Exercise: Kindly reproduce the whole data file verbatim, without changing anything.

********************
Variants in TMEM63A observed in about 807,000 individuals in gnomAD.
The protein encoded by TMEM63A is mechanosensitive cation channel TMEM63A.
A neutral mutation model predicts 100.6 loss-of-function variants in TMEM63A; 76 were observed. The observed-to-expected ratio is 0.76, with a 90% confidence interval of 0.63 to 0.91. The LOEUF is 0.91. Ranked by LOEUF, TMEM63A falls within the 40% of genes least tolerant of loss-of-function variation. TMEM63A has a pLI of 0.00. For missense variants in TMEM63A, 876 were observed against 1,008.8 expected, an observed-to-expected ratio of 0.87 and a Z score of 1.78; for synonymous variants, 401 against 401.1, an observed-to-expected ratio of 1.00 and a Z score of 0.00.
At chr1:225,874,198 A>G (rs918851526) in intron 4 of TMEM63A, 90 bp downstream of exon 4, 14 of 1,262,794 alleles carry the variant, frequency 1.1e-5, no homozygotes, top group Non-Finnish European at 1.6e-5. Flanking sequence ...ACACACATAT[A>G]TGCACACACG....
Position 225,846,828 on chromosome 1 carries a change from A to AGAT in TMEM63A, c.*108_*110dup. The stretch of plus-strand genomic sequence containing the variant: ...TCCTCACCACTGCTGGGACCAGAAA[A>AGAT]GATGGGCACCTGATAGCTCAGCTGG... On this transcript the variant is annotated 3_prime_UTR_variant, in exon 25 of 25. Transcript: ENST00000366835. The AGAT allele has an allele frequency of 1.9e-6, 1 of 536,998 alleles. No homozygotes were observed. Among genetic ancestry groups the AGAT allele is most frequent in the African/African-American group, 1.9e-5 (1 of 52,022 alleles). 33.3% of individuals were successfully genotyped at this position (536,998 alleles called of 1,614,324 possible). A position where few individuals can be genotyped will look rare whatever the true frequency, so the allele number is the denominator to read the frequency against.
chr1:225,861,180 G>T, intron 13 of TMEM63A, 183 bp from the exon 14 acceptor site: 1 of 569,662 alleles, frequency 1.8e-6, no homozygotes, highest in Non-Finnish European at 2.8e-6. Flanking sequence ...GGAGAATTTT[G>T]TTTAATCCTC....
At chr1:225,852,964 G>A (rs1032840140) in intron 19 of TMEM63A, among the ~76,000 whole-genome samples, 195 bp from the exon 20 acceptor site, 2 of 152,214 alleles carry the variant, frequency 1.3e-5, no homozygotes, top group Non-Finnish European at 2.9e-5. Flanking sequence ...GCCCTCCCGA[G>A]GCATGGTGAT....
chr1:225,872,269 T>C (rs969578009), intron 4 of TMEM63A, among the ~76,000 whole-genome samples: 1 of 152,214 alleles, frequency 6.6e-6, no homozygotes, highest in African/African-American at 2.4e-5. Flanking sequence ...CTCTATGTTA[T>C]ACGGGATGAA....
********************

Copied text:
Variants in TMEM63A observed in about 807,000 individuals in gnomAD.
The protein encoded by TMEM63A is mechanosensitive cation channel TMEM63A.
A neutral mutation model predicts 100.6 loss-of-function variants in TMEM63A; 76 were observed. The observed-to-expected ratio is 0.76, with a 90% confidence interval of 0.63 to 0.91. The LOEUF is 0.91. Ranked by LOEUF, TMEM63A falls within the 40% of genes least tolerant of loss-of-function variation. TMEM63A has a pLI of 0.00. For missense variants in TMEM63A, 876 were observed against 1,008.8 expected, an observed-to-expected ratio of 0.87 and a Z score of 1.78; for synonymous variants, 401 against 401.1, an observed-to-expected ratio of 1.00 and a Z score of 0.00.
At chr1:225,874,198 A>G (rs918851526) in intron 4 of TMEM63A, 90 bp downstream of exon 4, 14 of 1,262,794 alleles carry the variant, frequency 1.1e-5, no homozygotes, top group Non-Finnish European at 1.6e-5. Flanking sequence ...ACACACATAT[A>G]TGCACACACG....
Position 225,846,828 on chromosome 1 carries a change from A to AGAT in TMEM63A, c.*108_*110dup. The stretch of plus-strand genomic sequence containing the variant: ...TCCTCACCACTGCTGGGACCAGAAA[A>AGAT]GATGGGCACCTGATAGCTCAGCTGG... On this transcript the variant is annotated 3_prime_UTR_variant, in exon 25 of 25. Transcript: ENST00000366835. The AGAT allele has an allele frequency of 1.9e-6, 1 of 536,998 alleles. No homozygotes were observed. Among genetic ancestry groups the AGAT allele is most frequent in the African/African-American group, 1.9e-5 (1 of 52,022 alleles). 33.3% of individuals were successfully genotyped at this position (536,998 alleles called of 1,614,324 possible). A position where few individuals can be genotyped will look rare whatever the true frequency, so the allele number is the denominator to read the frequency against.
chr1:225,861,180 G>T, intron 13 of TMEM63A, 183 bp from the exon 14 acceptor site: 1 of 569,662 alleles, frequency 1.8e-6, no homozygotes, highest in Non-Finnish European at 2.8e-6. Flanking sequence ...GGAGAATTTT[G>T]TTTAATCCTC....
At chr1:225,852,964 G>A (rs1032840140) in intron 19 of TMEM63A, among the ~76,000 whole-genome samples, 195 bp from the exon 20 acceptor site, 2 of 152,214 alleles carry the variant, frequency 1.3e-5, no homozygotes, top group Non-Finnish European at 2.9e-5. Flanking sequence ...GCCCTCCCGA[G>A]GCATGGTGAT....
chr1:225,872,269 T>C (rs969578009), intron 4 of TMEM63A, among the ~76,000 whole-genome samples: 1 of 152,214 alleles, frequency 6.6e-6, no homozygotes, highest in African/African-American at 2.4e-5. Flanking sequence ...CTCTATGTTA[T>C]ACGGGATGAA....